80% of New Year’s Resolutions Fail by February

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Many people start off the new year with a list of resolutions, and in most cases, weight loss tops the list. But studies show that there’s an 80% chance resolutions will fail by February.

The problem, experts believe, is that people set overly ambitious diet and exercise goals. A recent study from Drexel University found that losing a lot of weight in a short period of time had a poor outcome over the long term.

That problem is compounded by people following fad diets that can lead to uncomfortable or dangerous side effects. Ultra-restrictive and low-calorie diets, like the 3-Day Military Diet or the grapefruit diet, can have a negative effect on metabolism and lead to nutritional deficiencies. Followers may see quick weight loss, but the results are typically unsustainable.

The secret to maintaining resolutions, according to experts, is to set realistic goals, such as going to the gym a few times a week. But exercise is just one piece of the puzzle. Diet is just as – if not more – important than exercise.

Making permanent dietary changes, experts say, is one of the most effective ways to maintain weight loss. Cutting out processed foods while lowering carbohydrate and sugar intake can help promote weight loss over the long-term.

Exercise and a healthy diet can help followers reach their weight loss goals, but studies show that weight loss can only be maintained if physical activity is increased.

One study from the National Institute of Health tracked the contestants from the TV series The Biggest Loser. Those who maintained their weight loss increased their physical activity by 160% from before the competition. Those who regained the weight only increased their activity by 34%, on average.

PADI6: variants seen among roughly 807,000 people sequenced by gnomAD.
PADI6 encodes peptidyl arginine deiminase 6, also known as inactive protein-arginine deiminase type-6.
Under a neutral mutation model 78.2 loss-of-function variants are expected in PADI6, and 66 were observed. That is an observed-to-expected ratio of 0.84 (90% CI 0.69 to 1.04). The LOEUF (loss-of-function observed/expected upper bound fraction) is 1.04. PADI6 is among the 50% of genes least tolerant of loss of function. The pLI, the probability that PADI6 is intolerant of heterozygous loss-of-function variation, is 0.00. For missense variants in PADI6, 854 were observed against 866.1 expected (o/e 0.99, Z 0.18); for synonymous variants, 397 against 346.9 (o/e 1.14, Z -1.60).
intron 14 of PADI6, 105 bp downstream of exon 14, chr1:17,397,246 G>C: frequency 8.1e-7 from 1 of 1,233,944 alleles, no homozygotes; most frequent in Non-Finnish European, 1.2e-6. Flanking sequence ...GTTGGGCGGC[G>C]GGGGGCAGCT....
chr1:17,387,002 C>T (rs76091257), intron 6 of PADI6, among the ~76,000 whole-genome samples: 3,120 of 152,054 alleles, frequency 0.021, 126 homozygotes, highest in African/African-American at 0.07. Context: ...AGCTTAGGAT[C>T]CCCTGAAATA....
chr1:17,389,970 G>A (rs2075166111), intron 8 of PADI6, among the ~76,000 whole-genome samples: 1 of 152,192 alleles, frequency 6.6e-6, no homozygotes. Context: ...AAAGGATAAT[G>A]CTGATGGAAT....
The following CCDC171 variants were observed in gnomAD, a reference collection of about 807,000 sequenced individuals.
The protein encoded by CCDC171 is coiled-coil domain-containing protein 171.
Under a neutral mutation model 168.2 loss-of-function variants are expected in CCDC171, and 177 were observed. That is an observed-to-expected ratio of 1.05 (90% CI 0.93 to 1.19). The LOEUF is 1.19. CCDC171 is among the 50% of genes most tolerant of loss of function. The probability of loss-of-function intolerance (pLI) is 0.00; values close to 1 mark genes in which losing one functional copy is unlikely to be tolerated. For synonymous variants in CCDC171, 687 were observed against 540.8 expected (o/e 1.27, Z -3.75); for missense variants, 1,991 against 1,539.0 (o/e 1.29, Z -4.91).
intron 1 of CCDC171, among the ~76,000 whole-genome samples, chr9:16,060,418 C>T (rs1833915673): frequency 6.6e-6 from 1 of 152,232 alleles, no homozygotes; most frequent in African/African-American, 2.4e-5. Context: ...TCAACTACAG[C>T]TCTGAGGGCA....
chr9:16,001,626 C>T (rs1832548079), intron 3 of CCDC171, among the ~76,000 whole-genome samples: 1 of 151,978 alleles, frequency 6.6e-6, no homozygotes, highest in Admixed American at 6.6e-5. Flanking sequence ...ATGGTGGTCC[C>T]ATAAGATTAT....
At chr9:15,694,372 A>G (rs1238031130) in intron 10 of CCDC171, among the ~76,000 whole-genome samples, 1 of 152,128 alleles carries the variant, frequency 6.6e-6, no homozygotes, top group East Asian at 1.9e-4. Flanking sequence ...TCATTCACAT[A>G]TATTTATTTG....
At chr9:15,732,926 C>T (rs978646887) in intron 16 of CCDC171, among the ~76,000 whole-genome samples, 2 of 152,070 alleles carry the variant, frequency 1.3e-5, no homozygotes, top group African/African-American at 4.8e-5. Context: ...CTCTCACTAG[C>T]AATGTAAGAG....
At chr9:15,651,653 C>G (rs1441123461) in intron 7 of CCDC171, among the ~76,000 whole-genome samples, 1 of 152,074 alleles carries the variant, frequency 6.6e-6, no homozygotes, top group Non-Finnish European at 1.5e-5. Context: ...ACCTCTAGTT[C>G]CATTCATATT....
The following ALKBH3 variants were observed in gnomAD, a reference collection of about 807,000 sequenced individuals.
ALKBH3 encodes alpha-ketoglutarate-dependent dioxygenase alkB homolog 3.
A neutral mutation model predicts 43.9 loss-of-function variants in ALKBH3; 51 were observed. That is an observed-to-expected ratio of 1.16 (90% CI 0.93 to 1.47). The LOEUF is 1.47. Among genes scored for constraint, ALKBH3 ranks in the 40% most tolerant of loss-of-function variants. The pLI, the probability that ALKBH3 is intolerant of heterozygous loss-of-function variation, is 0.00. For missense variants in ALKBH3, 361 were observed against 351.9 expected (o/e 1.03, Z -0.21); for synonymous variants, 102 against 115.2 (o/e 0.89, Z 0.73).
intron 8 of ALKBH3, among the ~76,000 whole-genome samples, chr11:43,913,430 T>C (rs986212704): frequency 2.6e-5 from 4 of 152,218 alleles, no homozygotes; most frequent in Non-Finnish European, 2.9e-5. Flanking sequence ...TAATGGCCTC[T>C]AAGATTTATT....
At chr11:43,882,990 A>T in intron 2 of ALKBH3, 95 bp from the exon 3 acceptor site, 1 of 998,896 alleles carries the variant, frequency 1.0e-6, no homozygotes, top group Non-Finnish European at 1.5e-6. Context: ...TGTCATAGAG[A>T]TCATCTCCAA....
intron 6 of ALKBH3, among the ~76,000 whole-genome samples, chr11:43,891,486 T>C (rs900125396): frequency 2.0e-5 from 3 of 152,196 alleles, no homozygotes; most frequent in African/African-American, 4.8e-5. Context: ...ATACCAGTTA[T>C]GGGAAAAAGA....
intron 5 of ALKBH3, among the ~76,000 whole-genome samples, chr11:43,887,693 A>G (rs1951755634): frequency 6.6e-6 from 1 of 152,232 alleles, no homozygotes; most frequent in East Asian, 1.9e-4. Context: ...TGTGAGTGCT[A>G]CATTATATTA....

While weight loss is a gradual effort, experts urge people not to give up on their resolutions. Inspiring tales of people who have lost and kept off the weight prove that it is possible to change diet and lifestyle habits.

Others have found success by turning to modern medicine.

One man from Grafton, West Virginia is a prime example of how gastric bypass can help people reach their weight loss goals. Bryan Smith made a resolution to lose weight. One year later, he is down 193 pounds.

Smith started gaining weight when he was in and out of the hospital due to a spider bite. While the gastric bypass helped him lose weight, Smith still leads a healthy lifestyle. He eats a healthy diet and exercises on a regular basis.

But even gastric bypass is not a miracle solution. The surgery can help patients control their portions, but poor diet choices can leave weight loss at a standstill. Patients eventually reach a plateau that they cannot overcome without diet and exercise changes.

Nutritionists and doctors agree that safe and healthy weight loss starts by getting off the couch and making better food choices. Surgery should be a last resort, and is typically reserved for those in life-threatening situations. Supplements can help, but experts caution against using products that claim to help users lose a significant amount of weight in a short amount of time.

Melissa Thompson writes about a wide range of topics, revealing interesting things we didn’t know before. She is a freelance USA Today producer, and a Technorati contributor.